The Plain Dealer, Cleveland
SEVEN HILLS, Ohio — City council is expected to approve next month the lease-to-purchase contract of a new $591,268 fire engine for the Seven Hills Fire Department.
“One of the first things I noticed when I came on board was the age of our fleet,” Seven Hills Fire Chief Jamie Meklemburg said. “I have a reserve engine right now that’s 23 years old, with my front-line engine being 18 years old.
“NFPA (National Fire Protection Association) statutes basically say that once you hit 20 years old engines should be in a reserve status, which it is. But then it says when you hit the 23 to 25-year mark it should be taken out of service, which is what we’re looking to do.”
Added Seven Hill Mayor Anthony D. Biasiotta, “Leaders are faced with many responsibilities. None are more important than the safety of our residents. Our residents and our fireman deserve this vital piece of equipment. I fully support its acquisition.”
The fire chief noted last year alone the city spent $16,000 for preventative maintenance for the old engine.
“That’s not going to stop,” Meklemburg said. “They get to that age where things start going pretty much all of the time, so you’re putting tens of thousands of dollars into these trucks just to keep them on the road.”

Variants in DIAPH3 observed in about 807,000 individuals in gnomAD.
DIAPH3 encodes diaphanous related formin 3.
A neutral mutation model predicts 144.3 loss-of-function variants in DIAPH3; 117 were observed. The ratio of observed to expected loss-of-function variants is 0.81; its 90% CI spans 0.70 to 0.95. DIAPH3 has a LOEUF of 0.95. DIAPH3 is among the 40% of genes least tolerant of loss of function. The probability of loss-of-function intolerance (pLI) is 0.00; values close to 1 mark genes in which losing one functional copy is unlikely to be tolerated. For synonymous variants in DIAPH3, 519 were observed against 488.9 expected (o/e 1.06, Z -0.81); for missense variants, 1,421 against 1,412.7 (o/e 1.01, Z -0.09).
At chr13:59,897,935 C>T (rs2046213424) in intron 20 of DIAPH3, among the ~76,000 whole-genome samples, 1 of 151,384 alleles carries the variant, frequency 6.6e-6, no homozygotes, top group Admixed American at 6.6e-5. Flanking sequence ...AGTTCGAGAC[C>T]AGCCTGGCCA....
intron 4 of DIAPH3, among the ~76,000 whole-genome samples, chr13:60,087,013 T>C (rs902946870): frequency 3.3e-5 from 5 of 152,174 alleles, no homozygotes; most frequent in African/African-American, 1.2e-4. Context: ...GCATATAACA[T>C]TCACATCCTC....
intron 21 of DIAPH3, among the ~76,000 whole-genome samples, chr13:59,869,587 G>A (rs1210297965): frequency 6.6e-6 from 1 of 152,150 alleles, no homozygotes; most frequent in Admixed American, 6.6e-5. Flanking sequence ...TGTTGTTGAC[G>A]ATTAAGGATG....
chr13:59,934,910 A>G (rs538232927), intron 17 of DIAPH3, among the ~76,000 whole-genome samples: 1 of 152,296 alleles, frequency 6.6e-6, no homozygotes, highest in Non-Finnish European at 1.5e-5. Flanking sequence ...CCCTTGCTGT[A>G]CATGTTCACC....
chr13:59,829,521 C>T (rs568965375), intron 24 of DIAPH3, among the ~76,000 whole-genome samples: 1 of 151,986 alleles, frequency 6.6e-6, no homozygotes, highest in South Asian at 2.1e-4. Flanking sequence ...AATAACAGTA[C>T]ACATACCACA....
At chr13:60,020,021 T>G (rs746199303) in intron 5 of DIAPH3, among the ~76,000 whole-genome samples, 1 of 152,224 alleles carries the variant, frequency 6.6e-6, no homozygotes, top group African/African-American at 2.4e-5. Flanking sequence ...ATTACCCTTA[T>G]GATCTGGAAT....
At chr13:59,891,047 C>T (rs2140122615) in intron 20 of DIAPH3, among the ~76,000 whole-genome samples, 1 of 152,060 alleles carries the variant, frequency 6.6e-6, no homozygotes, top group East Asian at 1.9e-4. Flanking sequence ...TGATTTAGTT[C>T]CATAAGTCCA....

Roughly six months ago, the fire chief appointed a task force to research the purchase of a new fire truck — which can vary in price between $550,000 to $700,000 — with the only caveat being it had to cost under $600,000.
As for the Sutphen Custom Pumper, Meklemburg said the vehicle’s bells and whistles are quite impressive.
“A quarter of a century later, the technology these trucks now have compared to the older trucks is almost unrecognizable,” Meklemburg said. “If we put these trucks side by side, you wouldn’t be able to recognize one from the other.”
The new fire truck addresses firefighter safety related to fire-related carcinogens. It adheres to a clean cab initiative, with outside storage on the vehicle for the firefighters’ turnout gear.
“Cancer prevention is very important to us in our line of work now,” Meklemburg said. “We’ve realized we wanted to eliminate coming back from fires and breathing in that smoke from your gear. So we’re going to take all of that out of the cab.”
Another amenity on the new fire engine that the fire chief said was designed specifically with Seven Hills in mind includes scene lighting.
“It’s a light tower that will come up when we’re in certain areas of Seven Hills that are very dark,” Meklemburg said. “We’ll be able to light it up like a football field.”
Once city council approves the expenditure, the fire chief will put in the order, which normally takes 12 to 14 months to build before delivery.
Regarding the older fire engine, the city will sell it online. Meklemburg said he’d be happy to get $15,000 for it.
“That truck was $320,000 when it was purchased, so we got 23 years out of it,” Meklemburg said. “The resale value isn’t very high now.”
One person who won’t be buying the 1997 fire truck is the fire chief.
“I would love it, but that’s not going to happen,” Meklemburg said. “I don’t think the wife would be too happy with me.”
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